Lick Wilmerding High School:

Lick-Wilmerding is an independent, college preparatory, co-ed day school in San Francisco serving 440 students in grades 9-12. Lick-Wilmerding High School inspires students to become self-directed lifelong learners who contribute to our world with knowledge, skill, creativity, compassion and can-do confidence. Toward this end, Lick-Wilmerding integrates a distinguished college preparatory curriculum with a distinctive program in the technical arts. As a private school with public purpose, Lick-Wilmerding encourages participation in community service and is committed to developing innovative educational programs that will benefit students and teachers throughout the Bay Area. Lick-Wilmerding’s purpose, built on the foundation of a diverse and inclusive community, is to develop qualities of the head, heart and hands that will serve students well throughout their lives. This high school is doing some really interesting things to be sustainable: they serve organic food in the cafeteria where they also recycle and compost food waste, have installed solar panels on the roofs of their buildings, integrated “living roofs” into the school’s structures, implemented energy efficient lighting and energy saving techniques, and maintain a plant and meditation garden. This school left me so impressed, and the students there were so cool, it made me wish I was 20 years younger and back in school. Now, I NEVER thought I’d say that!

Temple Emanu El:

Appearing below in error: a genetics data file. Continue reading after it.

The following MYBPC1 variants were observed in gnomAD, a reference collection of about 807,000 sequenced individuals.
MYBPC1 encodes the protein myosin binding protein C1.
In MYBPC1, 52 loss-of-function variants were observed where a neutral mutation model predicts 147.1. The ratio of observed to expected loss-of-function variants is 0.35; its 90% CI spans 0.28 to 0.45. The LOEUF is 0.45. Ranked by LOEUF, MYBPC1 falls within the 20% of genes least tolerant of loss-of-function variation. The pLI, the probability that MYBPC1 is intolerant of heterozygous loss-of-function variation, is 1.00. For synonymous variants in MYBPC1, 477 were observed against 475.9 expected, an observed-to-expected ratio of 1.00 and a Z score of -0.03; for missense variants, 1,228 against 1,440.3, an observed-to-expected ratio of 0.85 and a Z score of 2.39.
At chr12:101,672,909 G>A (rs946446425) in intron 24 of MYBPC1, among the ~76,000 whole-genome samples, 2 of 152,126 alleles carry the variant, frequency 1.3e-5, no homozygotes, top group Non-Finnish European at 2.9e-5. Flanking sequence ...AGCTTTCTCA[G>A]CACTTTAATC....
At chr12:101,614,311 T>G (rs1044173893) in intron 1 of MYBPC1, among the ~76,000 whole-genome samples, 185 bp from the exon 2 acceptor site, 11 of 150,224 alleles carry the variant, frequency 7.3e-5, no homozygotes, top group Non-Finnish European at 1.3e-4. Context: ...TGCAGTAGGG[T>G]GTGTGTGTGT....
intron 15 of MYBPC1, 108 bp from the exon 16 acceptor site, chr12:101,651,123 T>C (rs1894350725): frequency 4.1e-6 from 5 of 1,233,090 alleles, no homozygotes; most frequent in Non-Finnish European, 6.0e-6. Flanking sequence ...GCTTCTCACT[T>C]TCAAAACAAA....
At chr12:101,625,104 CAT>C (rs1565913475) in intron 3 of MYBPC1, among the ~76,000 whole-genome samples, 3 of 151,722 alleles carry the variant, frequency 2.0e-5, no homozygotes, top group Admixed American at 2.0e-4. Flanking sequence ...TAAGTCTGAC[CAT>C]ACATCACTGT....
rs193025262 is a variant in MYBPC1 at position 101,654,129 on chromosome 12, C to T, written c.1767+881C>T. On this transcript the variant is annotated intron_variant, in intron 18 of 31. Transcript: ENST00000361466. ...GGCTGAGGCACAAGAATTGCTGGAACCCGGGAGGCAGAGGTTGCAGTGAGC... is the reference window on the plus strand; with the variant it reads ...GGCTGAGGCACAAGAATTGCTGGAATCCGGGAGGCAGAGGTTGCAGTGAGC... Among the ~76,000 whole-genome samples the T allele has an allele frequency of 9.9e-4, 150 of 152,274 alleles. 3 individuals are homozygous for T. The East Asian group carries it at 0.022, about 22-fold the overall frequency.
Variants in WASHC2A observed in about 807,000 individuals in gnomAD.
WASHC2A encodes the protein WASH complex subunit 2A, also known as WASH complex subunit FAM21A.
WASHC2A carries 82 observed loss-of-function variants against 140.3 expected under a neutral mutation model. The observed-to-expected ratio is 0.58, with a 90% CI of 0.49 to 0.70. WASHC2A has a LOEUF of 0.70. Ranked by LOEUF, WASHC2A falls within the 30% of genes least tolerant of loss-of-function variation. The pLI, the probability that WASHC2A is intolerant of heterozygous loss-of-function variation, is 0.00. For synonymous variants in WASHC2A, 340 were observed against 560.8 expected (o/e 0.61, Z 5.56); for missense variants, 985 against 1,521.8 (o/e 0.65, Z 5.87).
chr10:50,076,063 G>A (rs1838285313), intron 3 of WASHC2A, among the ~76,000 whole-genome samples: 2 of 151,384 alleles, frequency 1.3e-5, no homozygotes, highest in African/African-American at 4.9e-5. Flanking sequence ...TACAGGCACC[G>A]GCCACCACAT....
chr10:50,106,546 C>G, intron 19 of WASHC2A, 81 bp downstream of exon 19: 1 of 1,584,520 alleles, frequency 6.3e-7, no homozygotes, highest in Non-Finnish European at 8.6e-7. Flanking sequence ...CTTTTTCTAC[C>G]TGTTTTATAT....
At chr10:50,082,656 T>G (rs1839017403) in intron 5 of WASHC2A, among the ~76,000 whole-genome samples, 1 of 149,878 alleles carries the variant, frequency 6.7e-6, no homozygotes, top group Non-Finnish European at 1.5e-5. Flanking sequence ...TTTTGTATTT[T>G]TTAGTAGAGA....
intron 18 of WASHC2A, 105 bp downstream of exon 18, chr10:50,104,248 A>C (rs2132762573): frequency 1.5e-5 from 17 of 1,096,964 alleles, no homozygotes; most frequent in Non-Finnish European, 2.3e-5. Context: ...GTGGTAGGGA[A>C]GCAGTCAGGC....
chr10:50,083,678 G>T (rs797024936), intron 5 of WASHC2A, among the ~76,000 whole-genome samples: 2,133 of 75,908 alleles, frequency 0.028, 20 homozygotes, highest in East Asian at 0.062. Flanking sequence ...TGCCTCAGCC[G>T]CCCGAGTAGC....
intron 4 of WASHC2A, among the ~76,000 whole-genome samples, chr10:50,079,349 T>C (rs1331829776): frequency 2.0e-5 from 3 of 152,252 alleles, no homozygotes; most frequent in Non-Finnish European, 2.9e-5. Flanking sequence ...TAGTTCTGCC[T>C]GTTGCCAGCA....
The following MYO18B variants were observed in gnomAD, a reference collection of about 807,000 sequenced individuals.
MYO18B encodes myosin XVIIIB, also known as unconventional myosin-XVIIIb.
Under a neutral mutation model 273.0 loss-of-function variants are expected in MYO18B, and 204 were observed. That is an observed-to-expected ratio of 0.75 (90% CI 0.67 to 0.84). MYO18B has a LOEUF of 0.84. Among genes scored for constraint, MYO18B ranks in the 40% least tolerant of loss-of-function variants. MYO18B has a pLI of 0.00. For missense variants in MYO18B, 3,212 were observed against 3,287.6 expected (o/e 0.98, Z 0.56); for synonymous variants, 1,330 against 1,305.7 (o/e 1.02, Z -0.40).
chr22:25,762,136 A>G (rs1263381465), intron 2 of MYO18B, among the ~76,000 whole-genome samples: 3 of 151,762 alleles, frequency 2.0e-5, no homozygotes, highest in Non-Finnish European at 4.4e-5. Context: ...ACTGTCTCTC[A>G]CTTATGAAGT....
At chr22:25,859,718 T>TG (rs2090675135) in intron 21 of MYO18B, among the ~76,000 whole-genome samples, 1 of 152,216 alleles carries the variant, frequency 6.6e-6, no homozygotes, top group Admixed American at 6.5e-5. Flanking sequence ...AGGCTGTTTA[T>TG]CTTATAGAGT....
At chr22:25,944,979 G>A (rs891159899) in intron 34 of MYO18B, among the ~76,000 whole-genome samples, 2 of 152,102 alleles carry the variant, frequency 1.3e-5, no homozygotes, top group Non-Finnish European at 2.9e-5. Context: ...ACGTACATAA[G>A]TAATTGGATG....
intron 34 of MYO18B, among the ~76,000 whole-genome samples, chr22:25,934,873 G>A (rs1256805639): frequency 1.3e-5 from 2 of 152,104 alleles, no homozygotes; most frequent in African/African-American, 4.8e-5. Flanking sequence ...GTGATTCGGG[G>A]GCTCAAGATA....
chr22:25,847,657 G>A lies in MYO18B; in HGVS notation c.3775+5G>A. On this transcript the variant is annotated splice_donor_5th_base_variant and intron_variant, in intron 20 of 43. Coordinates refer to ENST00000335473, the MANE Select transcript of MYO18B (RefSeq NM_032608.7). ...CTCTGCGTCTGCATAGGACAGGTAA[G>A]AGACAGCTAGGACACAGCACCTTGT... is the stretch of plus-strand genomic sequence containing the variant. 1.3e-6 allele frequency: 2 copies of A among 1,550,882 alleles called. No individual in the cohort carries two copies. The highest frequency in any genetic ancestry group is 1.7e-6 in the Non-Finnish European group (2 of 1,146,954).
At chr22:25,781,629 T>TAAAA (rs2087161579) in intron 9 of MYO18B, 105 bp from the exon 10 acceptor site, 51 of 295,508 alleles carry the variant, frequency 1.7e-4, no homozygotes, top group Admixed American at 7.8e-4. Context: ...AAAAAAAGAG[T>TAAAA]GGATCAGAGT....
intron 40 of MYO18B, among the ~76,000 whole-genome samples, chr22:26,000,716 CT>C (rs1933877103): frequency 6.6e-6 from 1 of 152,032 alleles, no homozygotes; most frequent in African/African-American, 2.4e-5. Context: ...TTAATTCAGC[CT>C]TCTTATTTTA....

Congregation Emanu-El serves the community in many ways. They focus on hunger/poverty, the environment and literacy, offering both direct service and advocacy on behalf of their clients. They operate two food pantries and a vegetable garden at their cemetery in Colma; tutoring programs through both Back on Track and the Jewish Coalition for Literacy, and work on a wide range of environmental programs. Dedicated in April 1926, the magnificent building at Lake Street and Arguello Boulevard is the third site of this congregation. Designed primarily by Arthur Brown, Jr. (designer of the War Memorial Opera House, the Hoover Library at Stanford and, with two others, the San Francisco-Oakland Bay Bridge) the building was influenced by the Haggia Sophia in Istanbul. From the exterior of the dome (150 feet) to the four-manual Skinner organ to the nine-foot high jewel box which is the Ark itself, the Main Sanctuary is a place of dignity, power and peace. In 1927, the American Institute of Architects selected Temple Emanu-El as the finest piece of architecture in Northern California. The Awards Committee honored it as, “a glorious building . . . beautifully planned and modeled . . . realizing to the highest degree the expression of its religious character.” Currently, the congregation is making efforts to go green, including recycling, composting, maintaining a garden, offering “green” events to the community (weddings, bar/batmitzvahs, etc), and integrating energy efficient lighting.